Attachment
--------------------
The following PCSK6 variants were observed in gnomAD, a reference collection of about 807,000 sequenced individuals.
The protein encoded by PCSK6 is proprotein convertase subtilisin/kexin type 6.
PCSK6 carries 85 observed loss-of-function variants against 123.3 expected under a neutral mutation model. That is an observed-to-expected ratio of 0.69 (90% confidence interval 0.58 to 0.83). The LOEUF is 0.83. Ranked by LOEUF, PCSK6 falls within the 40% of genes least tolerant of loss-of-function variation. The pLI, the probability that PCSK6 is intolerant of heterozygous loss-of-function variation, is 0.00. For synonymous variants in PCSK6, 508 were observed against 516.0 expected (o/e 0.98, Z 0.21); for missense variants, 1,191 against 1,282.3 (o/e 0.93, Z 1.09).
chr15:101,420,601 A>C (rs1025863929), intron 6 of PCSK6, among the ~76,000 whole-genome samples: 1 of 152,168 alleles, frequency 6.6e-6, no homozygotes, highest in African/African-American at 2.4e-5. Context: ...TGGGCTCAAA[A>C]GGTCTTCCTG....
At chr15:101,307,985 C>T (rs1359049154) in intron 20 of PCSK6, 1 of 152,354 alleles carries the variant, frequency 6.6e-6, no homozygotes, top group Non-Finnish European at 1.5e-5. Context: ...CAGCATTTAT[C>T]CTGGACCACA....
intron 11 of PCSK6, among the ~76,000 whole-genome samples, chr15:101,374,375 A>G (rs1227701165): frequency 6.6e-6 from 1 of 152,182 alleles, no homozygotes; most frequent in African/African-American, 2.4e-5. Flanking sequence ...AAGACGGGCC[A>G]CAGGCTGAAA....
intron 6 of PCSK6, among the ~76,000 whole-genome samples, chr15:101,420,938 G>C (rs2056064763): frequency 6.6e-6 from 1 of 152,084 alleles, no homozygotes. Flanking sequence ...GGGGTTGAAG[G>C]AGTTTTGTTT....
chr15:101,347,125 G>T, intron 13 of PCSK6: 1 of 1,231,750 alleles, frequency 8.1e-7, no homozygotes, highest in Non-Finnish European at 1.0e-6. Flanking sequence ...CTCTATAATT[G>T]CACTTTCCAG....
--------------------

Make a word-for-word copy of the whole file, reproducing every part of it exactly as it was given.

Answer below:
The following PCSK6 variants were observed in gnomAD, a reference collection of about 807,000 sequenced individuals.
The protein encoded by PCSK6 is proprotein convertase subtilisin/kexin type 6.
PCSK6 carries 85 observed loss-of-function variants against 123.3 expected under a neutral mutation model. That is an observed-to-expected ratio of 0.69 (90% confidence interval 0.58 to 0.83). The LOEUF is 0.83. Ranked by LOEUF, PCSK6 falls within the 40% of genes least tolerant of loss-of-function variation. The pLI, the probability that PCSK6 is intolerant of heterozygous loss-of-function variation, is 0.00. For synonymous variants in PCSK6, 508 were observed against 516.0 expected (o/e 0.98, Z 0.21); for missense variants, 1,191 against 1,282.3 (o/e 0.93, Z 1.09).
chr15:101,420,601 A>C (rs1025863929), intron 6 of PCSK6, among the ~76,000 whole-genome samples: 1 of 152,168 alleles, frequency 6.6e-6, no homozygotes, highest in African/African-American at 2.4e-5. Context: ...TGGGCTCAAA[A>C]GGTCTTCCTG....
At chr15:101,307,985 C>T (rs1359049154) in intron 20 of PCSK6, 1 of 152,354 alleles carries the variant, frequency 6.6e-6, no homozygotes, top group Non-Finnish European at 1.5e-5. Context: ...CAGCATTTAT[C>T]CTGGACCACA....
intron 11 of PCSK6, among the ~76,000 whole-genome samples, chr15:101,374,375 A>G (rs1227701165): frequency 6.6e-6 from 1 of 152,182 alleles, no homozygotes; most frequent in African/African-American, 2.4e-5. Flanking sequence ...AAGACGGGCC[A>G]CAGGCTGAAA....
intron 6 of PCSK6, among the ~76,000 whole-genome samples, chr15:101,420,938 G>C (rs2056064763): frequency 6.6e-6 from 1 of 152,084 alleles, no homozygotes. Flanking sequence ...GGGGTTGAAG[G>C]AGTTTTGTTT....
chr15:101,347,125 G>T, intron 13 of PCSK6: 1 of 1,231,750 alleles, frequency 8.1e-7, no homozygotes, highest in Non-Finnish European at 1.0e-6. Flanking sequence ...CTCTATAATT[G>T]CACTTTCCAG....